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About Omaha daily bee. (Omaha [Neb.]) 187?-1922 | View Entire Issue (Feb. 15, 1917)
THE BEE: OMAHA, THURSDAY, FEBRUARY 15, 1917.
The Omaha Bee
FOUNDED BY EPWAM) BOSEWATER.
VICTOR ROSEWATER, EDITOR
' TCT BEK POBUSHINC COMPANY, PB0PRIET08.
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Do you remember the Maine? Thil it the
The country ii reaaonably tafe.
refuses to secede from the union.
Every time a division of sentiment develops in
the cabinet, up goes the sign: "Let Woodrow do
Our lawmaker! at Lincoln will discover that
the "petition in boots" is all the more irresistible
if it also wears petticoats.
Our grand jury Is a dreadful disappointment.
It has been holding daily sessions without far
jnishmg us a single "thriller." !
I Observe that the office of coroner with at has
been dead now for she week without anyone go-
ling into mourning for the deceased I
The historic lamb of song and story no longer
hikes to school ; The road to market exerts a 14
cent pull with the wool on. Bushiest before
pleasure. 1 , (
Democratic arrangements for financing a huge
national deficit appals the authors and the party.'
Still the members manifest no unseemly haste to
restrict the output of "pork."
Peace in the base ball world? Impossible
for two months. A fierce ruction for ootside
consumption plants the spotlight on the right
spot until the season opens.
f Wall street chuckles merrily over the
ng familiarity of farmers with the language of
the street." Naturally those who take the phroge
acquire knowledge, if nothing more.
The boost in newspaper postage rates has fal
len by the board, but it went just far enough to
disclose to the newspapers the antagonistic arti
tude of the democratic administration,
Has the Commercial. club executive committee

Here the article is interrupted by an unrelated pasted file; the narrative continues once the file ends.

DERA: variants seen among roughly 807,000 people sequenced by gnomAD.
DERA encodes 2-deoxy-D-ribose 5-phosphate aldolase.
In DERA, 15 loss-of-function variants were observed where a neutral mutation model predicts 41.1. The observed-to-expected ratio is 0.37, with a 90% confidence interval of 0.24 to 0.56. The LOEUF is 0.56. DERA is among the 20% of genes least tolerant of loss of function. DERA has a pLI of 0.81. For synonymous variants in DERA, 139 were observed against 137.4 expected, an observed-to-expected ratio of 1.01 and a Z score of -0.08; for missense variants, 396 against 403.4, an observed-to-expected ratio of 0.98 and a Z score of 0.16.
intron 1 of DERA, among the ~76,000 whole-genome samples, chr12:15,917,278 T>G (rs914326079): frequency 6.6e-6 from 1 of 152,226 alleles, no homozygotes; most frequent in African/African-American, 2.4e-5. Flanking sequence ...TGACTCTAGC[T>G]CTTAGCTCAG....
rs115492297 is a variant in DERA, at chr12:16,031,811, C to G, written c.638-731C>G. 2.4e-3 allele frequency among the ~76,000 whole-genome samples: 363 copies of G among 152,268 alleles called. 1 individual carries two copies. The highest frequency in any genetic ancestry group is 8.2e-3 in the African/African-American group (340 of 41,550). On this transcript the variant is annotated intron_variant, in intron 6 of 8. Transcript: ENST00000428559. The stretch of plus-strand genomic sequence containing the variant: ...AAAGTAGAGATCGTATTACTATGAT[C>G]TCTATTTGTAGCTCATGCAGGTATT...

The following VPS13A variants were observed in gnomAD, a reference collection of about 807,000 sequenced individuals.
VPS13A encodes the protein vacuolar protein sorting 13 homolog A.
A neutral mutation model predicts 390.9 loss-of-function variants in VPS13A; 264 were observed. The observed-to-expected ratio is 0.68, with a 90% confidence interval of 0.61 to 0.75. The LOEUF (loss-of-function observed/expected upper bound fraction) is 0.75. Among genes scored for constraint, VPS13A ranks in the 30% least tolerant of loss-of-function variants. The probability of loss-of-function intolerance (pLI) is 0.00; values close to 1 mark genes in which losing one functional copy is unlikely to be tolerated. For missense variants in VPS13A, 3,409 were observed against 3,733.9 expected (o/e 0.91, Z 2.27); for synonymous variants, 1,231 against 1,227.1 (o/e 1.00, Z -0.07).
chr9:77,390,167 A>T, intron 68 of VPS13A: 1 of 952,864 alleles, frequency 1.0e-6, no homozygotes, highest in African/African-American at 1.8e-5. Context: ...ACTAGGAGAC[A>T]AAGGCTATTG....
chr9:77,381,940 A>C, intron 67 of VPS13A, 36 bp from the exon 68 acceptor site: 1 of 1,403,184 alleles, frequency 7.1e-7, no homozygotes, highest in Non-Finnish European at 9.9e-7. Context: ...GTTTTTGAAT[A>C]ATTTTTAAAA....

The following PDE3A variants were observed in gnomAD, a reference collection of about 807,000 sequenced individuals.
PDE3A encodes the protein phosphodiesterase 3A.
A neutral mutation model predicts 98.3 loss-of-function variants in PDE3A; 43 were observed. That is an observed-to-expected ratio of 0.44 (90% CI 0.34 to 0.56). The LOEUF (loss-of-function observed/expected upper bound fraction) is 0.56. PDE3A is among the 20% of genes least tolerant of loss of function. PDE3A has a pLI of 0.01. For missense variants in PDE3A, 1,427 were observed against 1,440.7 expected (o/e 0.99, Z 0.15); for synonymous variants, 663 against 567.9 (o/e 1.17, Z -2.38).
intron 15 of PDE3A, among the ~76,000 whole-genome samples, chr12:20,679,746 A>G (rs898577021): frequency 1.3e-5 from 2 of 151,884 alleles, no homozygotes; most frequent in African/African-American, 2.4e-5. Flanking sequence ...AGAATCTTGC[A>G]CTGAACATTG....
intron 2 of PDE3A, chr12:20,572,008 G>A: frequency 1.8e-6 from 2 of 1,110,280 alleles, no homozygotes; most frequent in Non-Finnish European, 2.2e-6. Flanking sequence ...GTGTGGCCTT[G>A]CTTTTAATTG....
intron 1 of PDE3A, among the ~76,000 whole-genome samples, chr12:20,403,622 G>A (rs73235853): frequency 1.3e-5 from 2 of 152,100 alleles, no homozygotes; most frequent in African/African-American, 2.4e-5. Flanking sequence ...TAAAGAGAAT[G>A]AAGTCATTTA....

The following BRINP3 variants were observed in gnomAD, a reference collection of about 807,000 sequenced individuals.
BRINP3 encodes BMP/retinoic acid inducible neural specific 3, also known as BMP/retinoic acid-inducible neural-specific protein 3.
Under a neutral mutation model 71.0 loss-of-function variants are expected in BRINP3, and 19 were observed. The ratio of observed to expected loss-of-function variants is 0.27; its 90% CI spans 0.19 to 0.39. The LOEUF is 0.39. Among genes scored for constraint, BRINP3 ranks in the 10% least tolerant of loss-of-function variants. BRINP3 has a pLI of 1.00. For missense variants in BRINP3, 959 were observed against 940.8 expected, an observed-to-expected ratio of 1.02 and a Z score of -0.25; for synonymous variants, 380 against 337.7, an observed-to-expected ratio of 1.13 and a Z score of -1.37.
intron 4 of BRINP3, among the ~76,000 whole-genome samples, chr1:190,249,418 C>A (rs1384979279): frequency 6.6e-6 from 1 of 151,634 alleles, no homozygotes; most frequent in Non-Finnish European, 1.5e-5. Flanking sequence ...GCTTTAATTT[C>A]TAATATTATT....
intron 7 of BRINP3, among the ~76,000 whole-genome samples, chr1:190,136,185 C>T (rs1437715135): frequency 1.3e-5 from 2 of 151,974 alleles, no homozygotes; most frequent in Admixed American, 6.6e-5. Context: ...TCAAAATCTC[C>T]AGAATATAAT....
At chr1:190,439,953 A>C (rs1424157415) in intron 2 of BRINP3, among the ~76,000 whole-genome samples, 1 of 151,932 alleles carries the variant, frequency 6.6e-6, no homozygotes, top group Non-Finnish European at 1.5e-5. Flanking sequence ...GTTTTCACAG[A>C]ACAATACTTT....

gone on record in favor of fee-grabbing or against
it? Who, if any one, believes the rank and file
of the dub membership would sanction fee grab
bing, past, present or future?
The peace propaganda stirred up by the mt
crisis brings a new windfall to the telegraph com
panies transmitting "form messages to your con
gressmen." The telegraph people ought to put
in a special wholesale rate for this class of business.
: What about all those automobiles parked on
our main business streets, obstructing traffic, and,
sometimes completely blocking ingress to and
egress from business establishments? Such abtuc
of street privileges is not tolerated in other pro
gressive cities, j -
A boost in prices of canned vegetables is
scheduled to come with the robins. Killing frosts
in the south and farmers asking more money are
the main reasons for the canning advance. For
the first time the price boosters passed np the
war as a commodious escalator.
If the oil inspection feet mutt be gauged to
the cost of the work, then any schedule based on
the number of gallons or barrels inspected will
be questionable because the quantity tested at
one time may vary to greatly. Revision of all
the fee schedules for different kinds of Inspection
may be necessary as a result of this supreme
Recall That Unfounded Charge, Mrs. Catt.
Nebraska it threatened with wholly unwar
ranted and undeserved odium through the charge
that the suffrage amendment submitted in this
state in 1914 was "counted out" With this charge
given circulation by a no less distinguished per